After a nearly month long war that has left cities like Mariupol in ashes, with Russia’s war crimes on full display across media outlets around the world, companies are coming under more pressure to act.
Thank you for covering this topic. We, Ukrainians, appreciate this a lot!
Companies pledge to fight censorship, but they support censorship by switching off all Russian-based accounts. That is just what Putin wants, to keep all speech imprisoned within the Russian cyberspace, its repressive laws and leaking domestic cybercompanies. This collective move is mostly symbolic, but it greatly and firstly affects people that are pro-West and anti-war. Last but not least, some day these companies will come back to the Russian market, but many people wouldn’t do business with them because of their betrayal and unreliability.
Yeah, I’m concerned that we are gleefully putting in place a global framework to arbitrarily deny service to groups of people like this.
It is tempting when it is something that we all believe in, such as this crisis, but once the powers are in place, they will be used again, and again. I’m not convinced we will all unanimously agree on all implementations in the future.
The current crisis is fresh and visceral, but there are plenty of terrible things that have happened and are happening around the world. If we are punishing people by their governments actions, we will find ourselves with it arriving at our own doorsteps soon enough.
A better reply could not be conceived.
If we are punishing people by their governments actions, we will find
ourselves with it arriving at our own doorsteps soon enough.
I can name at least two other one side wars, where not only there is no action taken for the residents of those countries (which have no voice in the conflict) and instead Wp keeps doing business. why?
Thank you for highlighting the stance in the wider open source community. Glad to see that the open source freedoms are not being compromised.
How will the punishment of ordinary people help resolve the existing conflict? I don’t see any connection here. Is it just to score points on the political agenda, which does not fit with the ideals of the WP to democratize the publication.
Putin can stop murdering Ukrainians and disposing of Russian soldiers at any time. The more pressure there is on him from ordinary Russians, the better. But yes, it’s sad that his selfish actions are affecting people’s financial wellbeing in his own country. Unfortunately, he doesn’t seem to mind.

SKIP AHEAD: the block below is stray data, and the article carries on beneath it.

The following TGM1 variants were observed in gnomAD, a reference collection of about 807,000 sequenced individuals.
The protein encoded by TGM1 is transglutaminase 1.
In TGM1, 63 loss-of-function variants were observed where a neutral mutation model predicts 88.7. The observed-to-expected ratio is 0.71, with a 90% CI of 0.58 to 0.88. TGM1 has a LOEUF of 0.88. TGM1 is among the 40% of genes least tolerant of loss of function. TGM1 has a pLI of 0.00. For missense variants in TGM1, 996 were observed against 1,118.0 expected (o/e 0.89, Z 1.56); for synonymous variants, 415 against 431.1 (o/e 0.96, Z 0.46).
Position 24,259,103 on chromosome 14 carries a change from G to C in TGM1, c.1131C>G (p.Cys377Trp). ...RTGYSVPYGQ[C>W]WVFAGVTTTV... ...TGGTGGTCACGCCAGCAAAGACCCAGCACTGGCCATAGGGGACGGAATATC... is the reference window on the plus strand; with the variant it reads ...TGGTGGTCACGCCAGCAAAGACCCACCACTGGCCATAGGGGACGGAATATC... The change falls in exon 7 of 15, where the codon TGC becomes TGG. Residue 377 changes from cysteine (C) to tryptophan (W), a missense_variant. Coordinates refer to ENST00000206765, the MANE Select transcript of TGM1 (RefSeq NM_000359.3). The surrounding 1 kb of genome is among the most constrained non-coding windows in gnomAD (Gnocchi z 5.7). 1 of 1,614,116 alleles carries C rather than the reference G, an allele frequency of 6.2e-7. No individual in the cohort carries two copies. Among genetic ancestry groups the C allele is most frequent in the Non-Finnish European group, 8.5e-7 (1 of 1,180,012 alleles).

Your choice of words here is very interesting. “Conflict” in this context is a very gentle way of describing what is actually happening and also dropping support for Russian customers is not a “punishment” of ordinary people, no matter how much you would like to change the narrative of the horror that is actually happening in Ukraine right now.
To those with concerns about censorship, imagine your business is forced to do something that helps raise revenue (taxes) for a foreign government that is killing their innocent neighbors. Perhaps you’d like the freedom to not be involved with that in any way? Maybe you’d even want to use whatever influence you have to do something about it.
It’s interesting to me how fast people call for controls on businesses in the name of freedom. These days, if a company doesn’t accept everything, it’s “censorship”. I’m sorry, but WP Engine, Facebook, etc… they’re not public services. They have owners and those owners ought to be as free to make their own decisions as everybody else (Ukrainians not excepted).
There own business decisions just not with respect to privacy laws, labour laws, property laws, and contract laws…
If these companies are not operating in China, Saudi Arabia and the UAE then great. They have a consistent ethical framework to which their businesses operate. However, I doubt they refuse customers from these markets on the basis of what their governments do.
Beyond that, what are the ethical considerations for blank cancelling services in Russia with respect to non-businesses? If a Russian hospital, homeless shelter or an animal shelter was hosting with these hosting services, are they being cancelled as well?
What a state does, and a what a population does or supports are not wholly linked. The next time the US invades a country illegally like Iraq, will these hosting companies withdraw from the US market completely on the basis of the US governments actions? Doubtful.
Trying to stop human suffering be causing more human suffering just seems like a bizarre thing to do. This is what your doing if you cancel for example, the hosting of freelancer website designers in Russia etc. Will every Russian affected understand the reasoning behind it? Or will some start to hate Western Countries more as a result of the pain inflected on them for things completely outside their control?
“What a state does, and a what a population does or supports are not wholly linked.”
It does in Russia, according to Russian constitution article 3.1 : “The bearer of sovereignty and the only source of power in the Russian Federation shall be its multinational people.”